The configuration of your deployments should also be checked, preferably in a manner that ties back to the code used to create the deployment so that if there are issues they can be addressed at the source.

Container Security FAQ

Are containers secure?

Absolutely. But, like any infrastructure, they rarely come that way by default. Security is a holistic process, and containers are no different. However, the same processes and tools that were once used on traditional infrastructure might not be adequate to provide strong container security. Containers have changed the landscape of distributed systems, and new methods must be employed to secure them. There is a broad spectrum of container security solutions that can and should be employed to help provide the best possible security when it comes to containerized workloads.

How do I fix security vulnerabilities in containers?

For container images it’s a four-step process: take care of the vulnerabilities in your code and dependencies; choose base images with only what you need – start slim and add rather than deducing what to remove; evaluate the extra tools and packages you add – as containers progress closer to production the number of extras should be zero; and ensure the container is configured to run with as few privileges as possible.

How to secure a Docker container image?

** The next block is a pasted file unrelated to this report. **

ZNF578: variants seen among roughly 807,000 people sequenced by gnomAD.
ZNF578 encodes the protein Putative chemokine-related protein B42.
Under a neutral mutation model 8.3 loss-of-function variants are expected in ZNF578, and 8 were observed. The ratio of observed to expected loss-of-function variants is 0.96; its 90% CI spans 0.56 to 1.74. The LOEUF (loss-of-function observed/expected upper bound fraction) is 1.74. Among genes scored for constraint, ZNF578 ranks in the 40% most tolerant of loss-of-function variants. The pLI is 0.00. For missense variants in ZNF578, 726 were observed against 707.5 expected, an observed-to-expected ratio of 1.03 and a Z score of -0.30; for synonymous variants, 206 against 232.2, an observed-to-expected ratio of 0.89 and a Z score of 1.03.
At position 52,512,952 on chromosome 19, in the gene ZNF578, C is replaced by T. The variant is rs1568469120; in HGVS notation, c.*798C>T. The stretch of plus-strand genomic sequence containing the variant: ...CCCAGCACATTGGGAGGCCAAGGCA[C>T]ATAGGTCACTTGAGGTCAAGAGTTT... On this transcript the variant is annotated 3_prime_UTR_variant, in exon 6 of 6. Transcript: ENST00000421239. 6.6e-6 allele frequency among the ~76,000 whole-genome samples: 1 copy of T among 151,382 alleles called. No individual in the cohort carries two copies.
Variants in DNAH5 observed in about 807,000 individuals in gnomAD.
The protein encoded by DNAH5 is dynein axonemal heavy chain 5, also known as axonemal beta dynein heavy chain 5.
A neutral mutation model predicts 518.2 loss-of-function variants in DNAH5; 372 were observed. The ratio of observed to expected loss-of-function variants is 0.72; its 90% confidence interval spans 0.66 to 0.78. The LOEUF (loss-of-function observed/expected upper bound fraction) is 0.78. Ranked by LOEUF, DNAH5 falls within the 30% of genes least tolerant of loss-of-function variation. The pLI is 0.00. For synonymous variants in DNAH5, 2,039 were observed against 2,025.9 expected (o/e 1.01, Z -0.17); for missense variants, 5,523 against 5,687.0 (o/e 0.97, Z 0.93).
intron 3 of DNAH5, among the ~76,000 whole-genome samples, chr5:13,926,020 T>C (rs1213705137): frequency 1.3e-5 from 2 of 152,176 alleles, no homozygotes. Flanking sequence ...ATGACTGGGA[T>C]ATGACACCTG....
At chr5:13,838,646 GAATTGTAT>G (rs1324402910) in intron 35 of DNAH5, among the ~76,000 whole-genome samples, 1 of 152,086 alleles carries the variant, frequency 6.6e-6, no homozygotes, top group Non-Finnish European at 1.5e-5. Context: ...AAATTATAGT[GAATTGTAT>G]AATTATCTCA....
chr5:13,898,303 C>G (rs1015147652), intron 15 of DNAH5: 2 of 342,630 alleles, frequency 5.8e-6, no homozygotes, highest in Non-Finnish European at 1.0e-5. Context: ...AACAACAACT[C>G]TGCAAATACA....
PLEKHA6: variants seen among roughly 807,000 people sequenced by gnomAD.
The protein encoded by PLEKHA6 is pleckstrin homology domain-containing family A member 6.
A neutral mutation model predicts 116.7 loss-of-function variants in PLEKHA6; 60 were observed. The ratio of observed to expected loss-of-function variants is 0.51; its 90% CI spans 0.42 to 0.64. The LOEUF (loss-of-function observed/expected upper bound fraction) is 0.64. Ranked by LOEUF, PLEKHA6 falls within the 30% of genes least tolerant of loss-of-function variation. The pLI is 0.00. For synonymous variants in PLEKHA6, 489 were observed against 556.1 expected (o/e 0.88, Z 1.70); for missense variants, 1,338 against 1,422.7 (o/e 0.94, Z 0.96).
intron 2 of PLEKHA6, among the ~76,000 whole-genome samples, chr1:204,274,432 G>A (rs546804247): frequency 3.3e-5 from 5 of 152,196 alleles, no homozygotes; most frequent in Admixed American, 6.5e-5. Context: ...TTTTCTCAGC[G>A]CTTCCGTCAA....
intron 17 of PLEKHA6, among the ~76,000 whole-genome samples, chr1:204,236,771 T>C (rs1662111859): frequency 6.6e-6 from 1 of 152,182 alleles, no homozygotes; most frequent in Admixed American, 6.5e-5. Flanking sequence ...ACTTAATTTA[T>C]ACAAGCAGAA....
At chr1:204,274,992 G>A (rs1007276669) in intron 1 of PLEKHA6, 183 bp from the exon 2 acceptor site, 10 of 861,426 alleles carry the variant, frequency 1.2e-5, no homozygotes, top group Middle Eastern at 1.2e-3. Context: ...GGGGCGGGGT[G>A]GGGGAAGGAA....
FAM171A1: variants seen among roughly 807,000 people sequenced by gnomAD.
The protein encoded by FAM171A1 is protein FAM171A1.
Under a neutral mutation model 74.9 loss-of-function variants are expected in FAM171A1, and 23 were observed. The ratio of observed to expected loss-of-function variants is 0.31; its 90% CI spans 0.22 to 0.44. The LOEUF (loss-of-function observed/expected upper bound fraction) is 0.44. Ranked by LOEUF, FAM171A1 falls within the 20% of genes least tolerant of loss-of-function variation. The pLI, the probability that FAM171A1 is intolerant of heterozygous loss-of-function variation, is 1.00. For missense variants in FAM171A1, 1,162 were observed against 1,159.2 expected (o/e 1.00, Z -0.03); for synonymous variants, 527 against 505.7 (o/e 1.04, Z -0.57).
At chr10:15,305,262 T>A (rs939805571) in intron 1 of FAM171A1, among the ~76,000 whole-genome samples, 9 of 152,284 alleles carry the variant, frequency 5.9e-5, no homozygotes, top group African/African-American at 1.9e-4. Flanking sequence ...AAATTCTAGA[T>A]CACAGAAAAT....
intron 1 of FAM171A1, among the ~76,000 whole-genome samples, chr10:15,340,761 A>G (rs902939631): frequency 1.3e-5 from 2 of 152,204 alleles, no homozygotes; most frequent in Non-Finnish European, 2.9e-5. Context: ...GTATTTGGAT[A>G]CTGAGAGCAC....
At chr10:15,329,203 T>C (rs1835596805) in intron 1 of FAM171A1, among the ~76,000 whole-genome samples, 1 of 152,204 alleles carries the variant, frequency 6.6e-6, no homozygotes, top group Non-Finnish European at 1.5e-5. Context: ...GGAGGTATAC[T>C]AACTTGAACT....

Securing a Docker container image is a multi-faceted process. During the planning phase of an application, it should be ensured that the software doesn’t require any security anti-patterns to function correctly, such as running as root. Docker’s own documentation also provides a great starting point for how to deal with securing an image, specifically addressing the matter of trust. Trust controls can be implemented even on private registries, and is highly recommended. From there, ensuring base images only maintain a minimum profile of packages and dependencies, and utilizing static analysis tools to continuously monitor for vulnerabilities will help to secure your Docker images.

What is container scanning?

In the context of security, container scanning refers to any tool or process that scans a container or container artifact for potential security compromises, misconfigurations, or vulnerabilities. Scanning tools can encompass code, code dependencies, container configuration, and container runtime configuration, as well as other potential domains.

Container scanning can begin before a container is ever introduced, using static analysis and software composition analysis to ensure code and related dependencies are free of vulnerabilities or issues. Next, scanning the configuration utilizes tools like Open Policy Agent, to prevent misconfiguration issues. Finally, runtime scanning ensures live workloads remain in a secure posture throughout their lifespan.

Think differently about container security

Securing containers isn’t about making broad changes to your security; it’s about taking existing tools and processes, and augmenting them with modern container security solutions. Containers enable exciting, disruptive changes to the way organizations develop and ship software, and the right tools will help ensure security can keep the pace.

Jim Armstrong
July 9, 2020
| By Jim Armstrong